With the results of second quarter GDP, China has passed Japan to become the world’s second-largest economy behind the United States, finally laying to rest the long-held theory that a nation cannot depreciate its way to economic prosperity.

To be more specific in the case of China, what is now evident is that a nation can create prosperity by preventing its currency from appreciating and by artificially raising the value of competitor’s currency, the recent goings on vis a vis Japanese government bonds being just the latest case in point.

In June, China extended its record buying spree of Japanese debt, purchasing a net $5.9 billion of short term bills. As a result of all these bond purchases, the Yen has appreciated dramatically even as its economy limps along barely above water.

The recent surge in buying of Japanese bonds by the Chinese has stirred talk that China may be diversifying its foreign reserves into the yen and away from the euro and the dollar, which is of course what China wants the world to think. The real reason is much simpler; appreciate the yen and eliminate a competitor in exports.

China’s plan is apparently working as well as hoped-Japan’s economy expanded at the slowest pace in three quarters for the period ending June 30, rising at just a 0.4% annualized pace, as company’s like Sony and Toyota see their profits threatened while the yen rises to a 15 year high against the dollar.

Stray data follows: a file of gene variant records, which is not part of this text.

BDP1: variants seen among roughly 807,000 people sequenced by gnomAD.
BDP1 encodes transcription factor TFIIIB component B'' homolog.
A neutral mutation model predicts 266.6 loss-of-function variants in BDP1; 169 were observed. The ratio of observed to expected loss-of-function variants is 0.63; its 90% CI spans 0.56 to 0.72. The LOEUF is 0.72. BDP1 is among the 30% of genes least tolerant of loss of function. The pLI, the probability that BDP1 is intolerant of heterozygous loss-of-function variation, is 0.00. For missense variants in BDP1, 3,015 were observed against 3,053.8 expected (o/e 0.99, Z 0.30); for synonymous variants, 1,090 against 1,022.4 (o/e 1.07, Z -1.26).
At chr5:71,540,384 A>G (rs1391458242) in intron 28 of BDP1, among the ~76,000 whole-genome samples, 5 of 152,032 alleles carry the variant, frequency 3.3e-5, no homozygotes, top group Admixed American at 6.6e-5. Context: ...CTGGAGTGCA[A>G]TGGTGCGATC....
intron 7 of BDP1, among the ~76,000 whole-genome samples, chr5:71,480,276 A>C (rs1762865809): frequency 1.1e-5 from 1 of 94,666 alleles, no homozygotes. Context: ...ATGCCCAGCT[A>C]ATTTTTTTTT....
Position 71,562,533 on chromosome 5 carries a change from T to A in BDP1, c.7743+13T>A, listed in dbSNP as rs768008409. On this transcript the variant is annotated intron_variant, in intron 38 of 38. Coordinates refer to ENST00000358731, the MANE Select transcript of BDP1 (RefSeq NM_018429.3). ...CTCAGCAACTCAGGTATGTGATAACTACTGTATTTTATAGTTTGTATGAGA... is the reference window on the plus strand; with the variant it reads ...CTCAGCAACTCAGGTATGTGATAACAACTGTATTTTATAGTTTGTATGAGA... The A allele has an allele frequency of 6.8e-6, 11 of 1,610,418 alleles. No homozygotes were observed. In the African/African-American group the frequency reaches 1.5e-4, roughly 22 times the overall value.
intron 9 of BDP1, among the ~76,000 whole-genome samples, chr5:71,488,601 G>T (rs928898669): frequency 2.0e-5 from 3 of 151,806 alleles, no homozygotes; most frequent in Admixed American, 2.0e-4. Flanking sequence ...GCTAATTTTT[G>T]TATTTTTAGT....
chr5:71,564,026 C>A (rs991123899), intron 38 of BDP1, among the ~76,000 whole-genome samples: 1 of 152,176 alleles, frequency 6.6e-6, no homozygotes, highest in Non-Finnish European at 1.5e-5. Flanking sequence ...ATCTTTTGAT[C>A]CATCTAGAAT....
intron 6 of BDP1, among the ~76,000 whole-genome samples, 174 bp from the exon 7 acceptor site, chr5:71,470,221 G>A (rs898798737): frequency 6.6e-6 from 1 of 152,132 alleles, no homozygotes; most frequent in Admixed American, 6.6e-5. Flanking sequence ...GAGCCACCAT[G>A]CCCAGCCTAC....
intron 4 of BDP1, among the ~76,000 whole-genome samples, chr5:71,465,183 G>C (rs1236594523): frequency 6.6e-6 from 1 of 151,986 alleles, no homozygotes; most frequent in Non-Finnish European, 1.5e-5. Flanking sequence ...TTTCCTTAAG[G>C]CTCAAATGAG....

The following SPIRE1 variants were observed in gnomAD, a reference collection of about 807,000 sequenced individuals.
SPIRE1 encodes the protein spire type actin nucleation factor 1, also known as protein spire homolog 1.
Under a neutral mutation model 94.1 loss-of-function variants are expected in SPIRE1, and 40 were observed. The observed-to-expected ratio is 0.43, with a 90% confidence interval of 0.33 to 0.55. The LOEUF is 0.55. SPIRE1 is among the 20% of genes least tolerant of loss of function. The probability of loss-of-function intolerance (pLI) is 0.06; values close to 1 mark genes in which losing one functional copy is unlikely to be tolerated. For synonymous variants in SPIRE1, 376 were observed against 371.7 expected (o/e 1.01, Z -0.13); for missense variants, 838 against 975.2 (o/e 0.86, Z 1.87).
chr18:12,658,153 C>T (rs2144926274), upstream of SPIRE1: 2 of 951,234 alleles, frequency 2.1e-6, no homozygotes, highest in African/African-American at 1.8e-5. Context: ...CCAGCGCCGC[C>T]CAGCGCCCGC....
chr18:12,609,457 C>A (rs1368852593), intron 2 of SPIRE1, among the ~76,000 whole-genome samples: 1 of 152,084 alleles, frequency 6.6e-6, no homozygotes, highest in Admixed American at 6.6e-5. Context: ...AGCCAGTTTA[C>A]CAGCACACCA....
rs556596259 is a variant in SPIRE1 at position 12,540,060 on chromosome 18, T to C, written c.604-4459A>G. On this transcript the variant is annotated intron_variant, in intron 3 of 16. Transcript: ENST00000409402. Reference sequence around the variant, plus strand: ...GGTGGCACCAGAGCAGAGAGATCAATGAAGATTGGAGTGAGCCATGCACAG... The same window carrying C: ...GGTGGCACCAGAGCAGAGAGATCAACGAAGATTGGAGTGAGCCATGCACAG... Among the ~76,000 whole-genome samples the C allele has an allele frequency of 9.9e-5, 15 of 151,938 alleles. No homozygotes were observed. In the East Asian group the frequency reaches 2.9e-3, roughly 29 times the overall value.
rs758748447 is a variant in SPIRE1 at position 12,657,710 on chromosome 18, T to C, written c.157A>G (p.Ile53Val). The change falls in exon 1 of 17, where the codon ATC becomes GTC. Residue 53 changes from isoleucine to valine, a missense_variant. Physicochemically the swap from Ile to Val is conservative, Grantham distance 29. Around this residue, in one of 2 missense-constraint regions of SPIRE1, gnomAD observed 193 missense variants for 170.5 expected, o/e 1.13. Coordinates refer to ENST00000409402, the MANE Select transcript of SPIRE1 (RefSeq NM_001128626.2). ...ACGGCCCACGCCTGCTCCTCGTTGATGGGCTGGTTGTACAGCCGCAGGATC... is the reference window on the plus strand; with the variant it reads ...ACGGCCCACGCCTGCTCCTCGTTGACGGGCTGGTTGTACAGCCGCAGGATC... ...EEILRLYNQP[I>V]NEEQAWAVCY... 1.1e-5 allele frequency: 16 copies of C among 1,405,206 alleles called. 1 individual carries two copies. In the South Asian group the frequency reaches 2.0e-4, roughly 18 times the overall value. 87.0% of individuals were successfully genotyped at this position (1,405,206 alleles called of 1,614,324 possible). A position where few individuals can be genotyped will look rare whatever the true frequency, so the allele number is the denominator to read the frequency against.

China, much like everyone else, is concerned that the nascent global recovery will weaken going forward as the U.S. fails to make a significant dent in its unemployment rate, an assessment that seems to be all the more likely as time goes on.

To give you an idea of how dangerous the situation is for Japan, Honda’s CFO said on Aug. 5 that “if the Japanese economy is forced to create a production structure based on 85 yen to the dollar, that would be disastrous,” as the nation wouldn’t earn enough from exports to pay for commodities from overseas.

As you can see on the attached CNY/JPY chart, the yen has appreciated by nearly 7.5% against the yuan since the beginning of May, a move which is completely out of touch with economic fundamentals. But there is no country willing to criticize China on this issue because the global economy is becoming ever more dependent on China to fuel growth. The U.S. passed on its latest chance to label China a currency manipulator in June, even as the Secretary of the Treasury said the U.S. was hoping to see China allow its currency to appreciate vs. the USD!

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